The Great Sleep Recession

By: Geoff Gilman

How does our brain use these electrical currents?

The electrical currents are the ones that occur during deep sleep, NREM sleep, and are what create new neurons, connections, and pathways in the brain. Essentially, as we get older, our brains lose their capacity to lay new frameworks for growth, causing us to lose our ability to learn and grow at the same rate as when we were younger.

This topic first came to my attention in Matthew Walker’s book, “Why We Sleep.”  Walker refers to this as the “Great Sleep Recession”  that begins as early as our twenties.

Each night as you enter different stages of sleep, there is a sleep cycle that your brain works through. This process takes about eight hours and every part of this process has a unique and vital role. Starting with conception in the womb until the moment you breathe your last, your brain will initiate this sleep cycle every single day, though as you age the length and depth of these stages will change. For instance, in the last week before you are born, your brain ramps up its REM sleep to around 12 hours of the sleep cycle, while adults typically average 1 – 2 hours of REM sleep per night.

In the deep NREM sleep stage, memories are transferred from the hippocampus (short term memory storage) to the different areas of the cortex. This is how all of your memories are stored for permanent use. 

Taking note that our sleep cycle changes many times over the course of our life is critical. We must understand that no one type of sleep is more important than the others, and that waking up many times at night and not getting eight hours of sleep will hinder the valuable purpose of each sleep stage within the sleep cycle. 

Furthermore, as we age, we see our deep sleep, “NREM”, begin to become unstable. REM sleep largely stays stable through most of our life but the depth of NREM stages begin to degrade over time.

  •  Sleep Recession begins by late twenties and early thirties 
  • Mid to late forties you will have lost somewhere between 60 and 70 percent of your deep sleep

     

  • By the time you reach 70, you will have lost 80 to 90 percent of your deep sleep compared to your youth.

What is the "quick fix" to this problem?

 The degradation of deeper sleep stages seems to be a natural part of the aging process. Research is being performed to find ways that modern technology can help our brains continue producing these electrical currents further into old age. Though this is not something we can count on to save our minds down the road, there are habits we can create to promote better sleep.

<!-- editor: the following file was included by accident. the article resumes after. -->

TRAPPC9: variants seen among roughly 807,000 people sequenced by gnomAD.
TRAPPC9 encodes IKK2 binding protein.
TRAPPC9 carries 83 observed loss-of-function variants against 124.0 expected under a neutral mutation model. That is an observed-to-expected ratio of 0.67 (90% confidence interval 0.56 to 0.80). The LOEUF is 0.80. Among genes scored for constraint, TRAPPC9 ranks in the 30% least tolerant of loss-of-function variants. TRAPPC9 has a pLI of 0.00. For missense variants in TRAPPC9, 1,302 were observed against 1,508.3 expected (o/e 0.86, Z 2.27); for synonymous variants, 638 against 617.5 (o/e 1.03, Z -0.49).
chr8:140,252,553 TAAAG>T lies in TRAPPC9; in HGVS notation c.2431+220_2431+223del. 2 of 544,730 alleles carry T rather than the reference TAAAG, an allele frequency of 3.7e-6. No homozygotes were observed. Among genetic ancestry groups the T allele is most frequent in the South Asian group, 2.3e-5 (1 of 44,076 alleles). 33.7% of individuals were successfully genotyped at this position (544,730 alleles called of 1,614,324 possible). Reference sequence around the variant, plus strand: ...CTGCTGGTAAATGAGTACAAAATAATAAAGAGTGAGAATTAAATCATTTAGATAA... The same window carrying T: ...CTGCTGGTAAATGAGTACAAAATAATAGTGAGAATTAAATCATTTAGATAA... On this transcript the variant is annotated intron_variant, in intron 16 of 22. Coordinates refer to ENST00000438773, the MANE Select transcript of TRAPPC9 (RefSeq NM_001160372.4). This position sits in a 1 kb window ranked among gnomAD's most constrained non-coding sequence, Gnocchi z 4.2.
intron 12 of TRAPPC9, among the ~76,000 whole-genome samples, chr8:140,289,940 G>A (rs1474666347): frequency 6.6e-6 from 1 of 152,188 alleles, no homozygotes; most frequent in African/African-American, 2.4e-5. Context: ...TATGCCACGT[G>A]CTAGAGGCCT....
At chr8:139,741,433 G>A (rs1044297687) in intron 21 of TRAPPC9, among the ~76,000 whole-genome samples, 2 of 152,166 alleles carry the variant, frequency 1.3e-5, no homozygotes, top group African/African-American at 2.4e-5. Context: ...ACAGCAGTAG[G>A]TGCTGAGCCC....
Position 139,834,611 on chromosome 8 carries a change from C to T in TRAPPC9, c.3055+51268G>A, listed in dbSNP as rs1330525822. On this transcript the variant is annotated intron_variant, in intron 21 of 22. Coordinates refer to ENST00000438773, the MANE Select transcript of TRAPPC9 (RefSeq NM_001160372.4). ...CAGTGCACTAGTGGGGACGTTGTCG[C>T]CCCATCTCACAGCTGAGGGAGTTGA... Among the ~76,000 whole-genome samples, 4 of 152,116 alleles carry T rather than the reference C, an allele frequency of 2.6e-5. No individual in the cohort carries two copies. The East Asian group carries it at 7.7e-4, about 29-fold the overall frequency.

Oftentimes many people don’t take the opportunity to learn new things and grow. On top of that, people neglect their sleep. For some, it is just bad habits and not realizing the long term consequences of poor sleep hygiene. For others, it can be a sleep disorder. Many people want to sleep better but aren’t able to because of unknowingly suffering from a sleep disorder. Sleep apnea is a common sleep disorder that ravages a person’s sleep cycle, disrupting it multiple times per hour. Whether we neglect our sleep as a result of bad habits, or as a consequence of a sleep disorder, we must be diligent to overcome obstacles that hinder healthy sleep quality.

With that in mind, there are a couple things we can do to keep ourselves fresh and take advantage of our brain’s incredible potential.

Learn new things and pursue growing in your passions.

You must give your brain something to build on. Every-time you experience something or learn something new, you give your brain a blueprint for it to build new pathways. This is how your brain grows, and much like a muscle, it gets stronger.

Get eight hours of sleep every night.

(Anything less is a missed opportunity)

Give your brain the opportunity to build and strengthen its infrastructure. This means removing bad habits that keep you up or being diligent to look into any sleep disorders you could have.

Our memories and experiences are transferred into long term memory during the NREM sleep stages. The ability to lay down new frameworks in our brains and build new neurons slows down as we age. Remember, as time goes on and this great sleep recession begins to take its course, it does not mean that we lose what we have already gained. It only means that our maximum potential is reduced as we age.

Wherever you are in life, take advantage of this time. You won’t regret it in the long run.

In the famous words of Robin Williams in the movie Dead Poet’s Society,

“Carpe Diem. Seize the day … make your life extraordinary.”

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